Education - Page 1 - Giving back to others

- Page 1
Giving back to others
Programs add required community service components

By Linda L. Esterson, Contributing Writer

According to “Giving USA 2018: The Annual Report on Philanthropy for the Year 2017,” American individuals, bequests, foundations and corporations gave more than $410 billion in charitable donations in 2017. While that figure grows each successive year, so do the in-kind donations not associated with a dollar amount. More than ever, individuals are spending time in the community, rolling up their sleeves, to help organizations and people through service.

The Corporation for National and Community Service, the federal agency that leads service, volunteering and grant-making efforts in the United States, indicates more than 582,000 volunteers spend 68.1 million hours in Baltimore, working to impact the lives of citizens in Charm City. According to the organization, more than 36 percent of college students in Maryland volunteer time, 11th most in the country.

At Stevenson University, one of the four core values for students is community involvement. This pertains to involvement in the campus community, in the Owings Mills area surrounding campus and throughout the greater Baltimore area and beyond.

Incoming students can apply to one of two scholars programs, the Leadership Scholars and Service Scholars, which offer scholarships to students who demonstrate a passion for civil engagement.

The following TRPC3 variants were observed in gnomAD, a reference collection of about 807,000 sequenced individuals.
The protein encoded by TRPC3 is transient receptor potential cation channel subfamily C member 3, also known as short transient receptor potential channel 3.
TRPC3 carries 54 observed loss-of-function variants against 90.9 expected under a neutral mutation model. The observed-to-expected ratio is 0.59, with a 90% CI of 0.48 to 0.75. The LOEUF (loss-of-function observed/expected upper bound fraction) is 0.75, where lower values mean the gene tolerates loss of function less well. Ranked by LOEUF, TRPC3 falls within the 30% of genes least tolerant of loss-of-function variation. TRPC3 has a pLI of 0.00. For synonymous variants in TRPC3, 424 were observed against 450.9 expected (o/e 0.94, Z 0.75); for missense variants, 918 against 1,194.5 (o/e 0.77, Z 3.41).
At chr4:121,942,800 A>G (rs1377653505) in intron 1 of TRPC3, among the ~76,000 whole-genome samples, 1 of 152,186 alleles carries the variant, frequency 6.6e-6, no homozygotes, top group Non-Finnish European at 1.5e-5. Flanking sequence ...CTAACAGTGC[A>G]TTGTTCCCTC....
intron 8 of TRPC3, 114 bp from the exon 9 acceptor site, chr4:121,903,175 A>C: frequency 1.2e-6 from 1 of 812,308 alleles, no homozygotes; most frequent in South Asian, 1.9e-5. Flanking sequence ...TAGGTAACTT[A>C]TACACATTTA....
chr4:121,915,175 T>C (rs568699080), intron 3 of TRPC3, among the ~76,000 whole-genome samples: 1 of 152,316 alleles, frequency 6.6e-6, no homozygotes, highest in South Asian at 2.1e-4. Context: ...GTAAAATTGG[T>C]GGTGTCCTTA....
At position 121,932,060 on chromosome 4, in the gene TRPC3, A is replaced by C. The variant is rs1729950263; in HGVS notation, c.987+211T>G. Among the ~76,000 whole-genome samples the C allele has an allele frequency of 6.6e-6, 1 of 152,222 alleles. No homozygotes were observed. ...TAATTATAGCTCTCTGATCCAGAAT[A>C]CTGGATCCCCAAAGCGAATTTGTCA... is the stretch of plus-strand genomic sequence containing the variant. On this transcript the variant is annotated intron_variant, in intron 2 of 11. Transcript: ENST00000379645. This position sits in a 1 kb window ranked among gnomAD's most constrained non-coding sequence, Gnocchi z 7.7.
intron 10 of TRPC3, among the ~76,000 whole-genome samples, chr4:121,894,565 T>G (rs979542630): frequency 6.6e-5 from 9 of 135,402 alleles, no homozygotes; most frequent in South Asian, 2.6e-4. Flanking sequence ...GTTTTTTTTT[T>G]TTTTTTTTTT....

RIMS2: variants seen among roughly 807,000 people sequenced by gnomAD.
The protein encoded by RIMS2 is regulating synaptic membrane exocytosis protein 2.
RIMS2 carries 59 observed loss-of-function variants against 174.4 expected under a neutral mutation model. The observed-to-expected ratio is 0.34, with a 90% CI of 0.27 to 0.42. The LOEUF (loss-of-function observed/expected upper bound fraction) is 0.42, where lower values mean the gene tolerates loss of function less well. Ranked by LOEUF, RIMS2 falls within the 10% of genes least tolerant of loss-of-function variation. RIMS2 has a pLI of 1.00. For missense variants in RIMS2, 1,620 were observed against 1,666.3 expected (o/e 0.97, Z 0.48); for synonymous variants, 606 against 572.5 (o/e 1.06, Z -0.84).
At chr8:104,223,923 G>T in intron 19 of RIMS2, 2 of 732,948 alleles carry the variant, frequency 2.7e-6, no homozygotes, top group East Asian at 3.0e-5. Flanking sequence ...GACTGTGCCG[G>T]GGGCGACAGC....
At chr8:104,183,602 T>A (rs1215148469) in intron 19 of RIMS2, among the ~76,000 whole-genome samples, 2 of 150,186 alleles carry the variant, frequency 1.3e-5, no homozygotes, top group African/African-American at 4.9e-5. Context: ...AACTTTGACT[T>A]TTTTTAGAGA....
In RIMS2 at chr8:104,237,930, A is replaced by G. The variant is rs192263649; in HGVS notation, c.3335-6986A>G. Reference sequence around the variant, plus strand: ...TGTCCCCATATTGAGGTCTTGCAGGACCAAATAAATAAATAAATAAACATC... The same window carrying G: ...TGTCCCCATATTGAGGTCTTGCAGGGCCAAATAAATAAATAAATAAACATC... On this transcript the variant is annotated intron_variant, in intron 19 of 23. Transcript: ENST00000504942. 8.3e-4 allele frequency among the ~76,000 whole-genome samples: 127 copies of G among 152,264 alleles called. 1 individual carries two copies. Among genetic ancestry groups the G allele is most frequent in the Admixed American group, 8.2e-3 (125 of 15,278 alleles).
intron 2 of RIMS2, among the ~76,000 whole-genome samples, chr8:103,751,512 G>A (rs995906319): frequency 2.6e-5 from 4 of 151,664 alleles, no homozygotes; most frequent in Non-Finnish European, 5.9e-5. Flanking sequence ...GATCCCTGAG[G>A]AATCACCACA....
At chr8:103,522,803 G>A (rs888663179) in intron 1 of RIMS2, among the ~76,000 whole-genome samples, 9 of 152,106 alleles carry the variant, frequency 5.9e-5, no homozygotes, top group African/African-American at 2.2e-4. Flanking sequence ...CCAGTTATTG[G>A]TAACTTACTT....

The Leadership Scholars program includes a community engagement component, which requires a minimum of 30 hours of service per academic year and enrollment in three leadership courses at Stevenson. This is the second year for the Leadership Scholars program, which currently includes 70 students. The unique program operates by the motto “leadership through action not position.”

“What you do as a leader is not necessary the role you play,” says Dan Schwartz, director of student activities and co-leader of Leadership Scholars program at Stevenson University. “Just because you’re a follower doesn’t mean you can’t lead. You lead by listening, doing (and) the decisions you make.”

The Service Scholars program is a comprehensive initiative that offers students the opportunity to extend their civic engagement in the community. In its third year, the nearly 150 service scholars complete a minimum of 100 hours of service per academic year and enroll in three service-learning courses at Stevenson.

Stevenson students also commit to community service above and beyond the scholars programs. For instance, students participate in Mission I’mHome, which started as an alternative break program in New Orleans and expanded to include local cleanup projects in Baltimore over multiple days in the fall. According to Schwartz, trips in January and March help in such areas as New Orleans or Baton Rouge. Last year, the hockey team went to Houston to assist with cleanup, and in May, a group helped with cleanup related to Hurricane Sandy.

“It’s an eye-opening experience to go,” says Schwartz, who adds that many students go on trips more than once. “It’s a bonding experience and they enjoy learning about the area and the effects of what happened.”

The experiences prove impactful in many ways. It’s not just about the students helping a city or area recover from a disaster; they gain skills and experiences that last a lifetime. Schwartz notes the rewards of seeing a shy student become a leader, volunteer for a variety of projects, and make

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